Next Up: Pecan Pie

I might not get these posts up before the first of the year, but then again you never know! To all those who looked in, commented and heckled this year (I’m look at you, Chris from Down Under) — thanks for helping me through another fun and productive twelve months. A very merry everything to everybody and see you soon! – Joe

60 thoughts on “Next Up: Pecan Pie”

  1. Merry Christmas to you and the entire Pastry family. I can’t wait for Pecan Pie…my teeth are aching already, but in a good way!

    1. Thanks, Brian, and a happy New Year to you! And I know what you mean. I’ll see what I can do to lower the tooth-curling sweetness of the thing.

      – Joe

  2. Best of the season to you And wishes for a happy, healthy and profitable 2015. This place has become an almost daily stop and has really encouraged me to get baking some seriously fine things. Thanks so much.

    1. Same to you, Frankly! I have no idea what 2015 will bring baking-wise, but more of the usual nonsense is assured!

      – Joe

  3. Merry Christmas to you and to those you love, Mr. Pastry. Thank you for another excellent year of education and entertainment. Looking forward to reading you words in 2015 as well.

  4. Merry Christmas to you too, Joe! I haven’t been commenting as much over the last 12 months (or baking, alas), but I’ve been reading faithfully all along. Yours remains one of my very favourite corners of the internet! All the best for pastries and Pastries in 2015 🙂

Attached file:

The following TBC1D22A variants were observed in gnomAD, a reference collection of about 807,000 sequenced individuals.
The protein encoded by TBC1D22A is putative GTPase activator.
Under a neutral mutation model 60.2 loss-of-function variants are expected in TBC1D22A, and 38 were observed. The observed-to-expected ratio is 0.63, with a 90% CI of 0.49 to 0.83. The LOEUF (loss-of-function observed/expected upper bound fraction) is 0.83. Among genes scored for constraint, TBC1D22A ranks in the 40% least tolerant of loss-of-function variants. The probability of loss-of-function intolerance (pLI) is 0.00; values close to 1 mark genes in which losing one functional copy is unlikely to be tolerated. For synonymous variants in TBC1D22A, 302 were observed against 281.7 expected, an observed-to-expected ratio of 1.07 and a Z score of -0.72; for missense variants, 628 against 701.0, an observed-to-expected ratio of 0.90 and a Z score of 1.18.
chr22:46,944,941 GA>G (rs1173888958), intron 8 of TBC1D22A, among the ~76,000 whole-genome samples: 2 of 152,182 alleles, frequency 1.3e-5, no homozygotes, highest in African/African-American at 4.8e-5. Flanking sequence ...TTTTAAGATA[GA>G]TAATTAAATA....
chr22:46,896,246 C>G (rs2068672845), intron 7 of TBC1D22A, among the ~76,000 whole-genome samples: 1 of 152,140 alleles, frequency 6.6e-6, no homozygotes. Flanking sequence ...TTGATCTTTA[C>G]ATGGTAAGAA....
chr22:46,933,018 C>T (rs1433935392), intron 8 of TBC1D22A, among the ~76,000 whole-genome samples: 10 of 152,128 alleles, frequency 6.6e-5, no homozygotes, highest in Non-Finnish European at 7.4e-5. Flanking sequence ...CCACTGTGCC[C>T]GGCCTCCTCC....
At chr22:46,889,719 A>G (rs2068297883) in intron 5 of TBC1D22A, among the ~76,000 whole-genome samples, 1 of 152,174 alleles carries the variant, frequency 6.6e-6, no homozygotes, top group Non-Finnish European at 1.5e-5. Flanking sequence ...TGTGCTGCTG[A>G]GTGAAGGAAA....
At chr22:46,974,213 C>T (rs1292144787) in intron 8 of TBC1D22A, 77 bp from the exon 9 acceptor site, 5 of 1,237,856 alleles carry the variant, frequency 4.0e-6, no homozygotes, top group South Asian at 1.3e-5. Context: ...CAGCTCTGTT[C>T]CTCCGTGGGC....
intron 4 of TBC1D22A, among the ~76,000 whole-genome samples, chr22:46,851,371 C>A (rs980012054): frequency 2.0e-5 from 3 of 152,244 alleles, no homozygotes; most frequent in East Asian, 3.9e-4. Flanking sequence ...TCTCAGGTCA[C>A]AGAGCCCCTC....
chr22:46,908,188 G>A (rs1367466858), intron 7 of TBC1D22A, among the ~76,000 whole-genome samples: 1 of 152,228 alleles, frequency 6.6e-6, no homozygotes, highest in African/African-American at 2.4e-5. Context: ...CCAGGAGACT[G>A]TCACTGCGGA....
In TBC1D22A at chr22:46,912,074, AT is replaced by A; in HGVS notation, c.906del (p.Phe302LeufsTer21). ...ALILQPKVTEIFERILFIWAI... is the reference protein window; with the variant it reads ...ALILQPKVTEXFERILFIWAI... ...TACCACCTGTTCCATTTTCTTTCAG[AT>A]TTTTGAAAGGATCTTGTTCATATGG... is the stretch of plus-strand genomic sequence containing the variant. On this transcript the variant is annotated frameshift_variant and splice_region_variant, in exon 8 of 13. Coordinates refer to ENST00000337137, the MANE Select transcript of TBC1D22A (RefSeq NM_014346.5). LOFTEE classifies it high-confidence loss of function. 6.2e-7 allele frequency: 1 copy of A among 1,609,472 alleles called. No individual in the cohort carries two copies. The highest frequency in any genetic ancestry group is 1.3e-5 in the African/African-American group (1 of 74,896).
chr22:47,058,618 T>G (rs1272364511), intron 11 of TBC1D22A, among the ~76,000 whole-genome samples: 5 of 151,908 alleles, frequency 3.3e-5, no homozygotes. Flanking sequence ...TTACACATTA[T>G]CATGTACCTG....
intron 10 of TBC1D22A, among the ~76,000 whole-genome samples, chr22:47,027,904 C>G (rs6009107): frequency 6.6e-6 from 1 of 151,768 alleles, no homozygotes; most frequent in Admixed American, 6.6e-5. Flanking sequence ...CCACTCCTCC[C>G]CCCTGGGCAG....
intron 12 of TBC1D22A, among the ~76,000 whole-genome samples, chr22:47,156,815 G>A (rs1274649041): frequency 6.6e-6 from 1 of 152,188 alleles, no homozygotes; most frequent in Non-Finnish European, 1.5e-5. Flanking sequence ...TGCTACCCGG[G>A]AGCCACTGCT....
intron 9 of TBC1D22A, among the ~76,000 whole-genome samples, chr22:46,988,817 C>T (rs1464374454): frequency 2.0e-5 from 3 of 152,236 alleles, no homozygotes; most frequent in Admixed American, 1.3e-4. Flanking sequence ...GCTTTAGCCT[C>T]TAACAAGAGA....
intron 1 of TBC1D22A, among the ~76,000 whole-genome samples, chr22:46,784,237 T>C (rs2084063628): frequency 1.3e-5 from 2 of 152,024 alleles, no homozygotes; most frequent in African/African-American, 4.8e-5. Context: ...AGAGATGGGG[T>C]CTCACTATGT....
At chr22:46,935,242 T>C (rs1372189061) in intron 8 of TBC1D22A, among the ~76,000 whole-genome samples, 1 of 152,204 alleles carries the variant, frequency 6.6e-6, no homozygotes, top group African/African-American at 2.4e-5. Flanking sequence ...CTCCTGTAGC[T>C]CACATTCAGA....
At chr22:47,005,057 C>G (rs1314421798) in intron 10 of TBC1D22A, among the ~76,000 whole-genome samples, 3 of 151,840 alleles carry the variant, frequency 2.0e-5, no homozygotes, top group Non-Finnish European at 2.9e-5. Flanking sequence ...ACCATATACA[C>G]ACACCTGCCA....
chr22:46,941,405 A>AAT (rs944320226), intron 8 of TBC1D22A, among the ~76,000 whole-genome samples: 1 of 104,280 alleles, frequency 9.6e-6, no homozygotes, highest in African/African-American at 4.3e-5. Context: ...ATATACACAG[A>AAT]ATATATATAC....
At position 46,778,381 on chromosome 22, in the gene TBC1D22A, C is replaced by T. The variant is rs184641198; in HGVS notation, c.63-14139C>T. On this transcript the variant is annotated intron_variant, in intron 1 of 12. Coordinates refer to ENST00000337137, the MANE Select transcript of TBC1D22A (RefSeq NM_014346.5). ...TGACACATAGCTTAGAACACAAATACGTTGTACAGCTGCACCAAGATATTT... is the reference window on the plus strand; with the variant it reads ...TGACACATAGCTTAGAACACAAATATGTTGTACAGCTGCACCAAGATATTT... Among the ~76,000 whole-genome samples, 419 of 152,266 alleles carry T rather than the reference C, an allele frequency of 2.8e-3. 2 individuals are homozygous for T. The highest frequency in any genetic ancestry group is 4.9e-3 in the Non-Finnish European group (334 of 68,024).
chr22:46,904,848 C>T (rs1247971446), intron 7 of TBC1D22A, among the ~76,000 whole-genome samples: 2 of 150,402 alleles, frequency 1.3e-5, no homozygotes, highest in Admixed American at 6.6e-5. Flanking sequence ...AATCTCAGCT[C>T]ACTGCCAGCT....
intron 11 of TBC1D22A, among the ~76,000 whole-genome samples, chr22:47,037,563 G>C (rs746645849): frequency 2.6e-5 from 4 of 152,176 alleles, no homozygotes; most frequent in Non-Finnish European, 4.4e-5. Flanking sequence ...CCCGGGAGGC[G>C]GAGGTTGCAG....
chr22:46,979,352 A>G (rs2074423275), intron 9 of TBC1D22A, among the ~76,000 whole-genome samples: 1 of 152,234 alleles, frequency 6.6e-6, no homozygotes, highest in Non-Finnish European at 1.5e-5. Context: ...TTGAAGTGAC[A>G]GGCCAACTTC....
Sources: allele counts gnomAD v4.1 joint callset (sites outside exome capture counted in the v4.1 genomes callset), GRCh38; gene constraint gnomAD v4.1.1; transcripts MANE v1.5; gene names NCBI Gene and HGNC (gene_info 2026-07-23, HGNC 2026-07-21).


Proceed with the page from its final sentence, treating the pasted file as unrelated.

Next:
1. Hey Jen!

      Nice to hear from you and thanks for all the kind words! I expect 2015 will be a very good year!

      – Joe

  5. My husband’s cousin’s DIL (English doesn’t have enough words for relationships) made a wonderful error in pecan pie: she assumed that syrup meant maple syrup. The pie is spectacular, of course! Other than that it has much the same ingredients in much the same proportions as other, lesser pecan pies.

      1. I did that this Thanksgiving! Thought I had more corn syrup in the pantry than I did, ended up using half dark corn syrup, half grade b maple syrup… It was a glorious accident, and I’ll never do it any other way. Embrace the sweetness, cut small slices.

        1. (The recipe I failed to follow was out of America’s Test Kitchen Family Cookbook– seemed fairly standard except it said to parbake the crust)

  6. A belated but sincere nonetheless Merry Christmas, Joe. Your nook of the web will remain one of the few daily constants in my online reading time throughout the next year, too.

    1. Same to you Dani! Several days of Christmas remain, so you’re by no means late. I’ll look forward to seeing you after the first. Have a lovely and safe New Year’s!

      – Joe

  7. Merry Christmas Joe, to you, your extremely patient wife and the two little pastries.

    Have a good rest, it will soon be 2015 and another year of challenges.

    1. Ah yes, the long suffering Mrs. Pastry will appreciate that, Warren! Merry Christmas (there are still 9 days left) and a happy New Year to you as well. See you in 2015.

      – Joe

  8. Best wishes to you and your family! Thank you for sharing your passion with readers, inspiring and educating us, and always finding new, exciting baking projects!

    1. What a delightful comment, Antuanete! Thanks for all your participation this past year. I have greatly appreciated it. On to 2015!


      – Joe

  9. Wow! This is my mom’s favourite. Here’s another recipe of yours I’ll be following.

    Oh yes, and Merry Christmas!

    1. “Booze” just happens to be one of my very favorite words, Monica! I’ll be careful not to leave it out. 😉

      – Joe

    1. Thought I might get a rise out of you over that one, CfDU!

      Cheers and have a happy New Year!

      – Joe

  10. Can’t wait! Just finished mini pecan tartlettes this morning from Rose Levy Beranbaum’s new book with the bake along. Added Kahlua and it is amazing. Really cuts the sweetness and rounds out the flavor. Others used different alcohol. Wasn’t called for, we sort of strayed and winged it!

    1. I don’t have that book yet but it sounds like another inspired idea from RLB. Thanks, Vicki!

      – Joe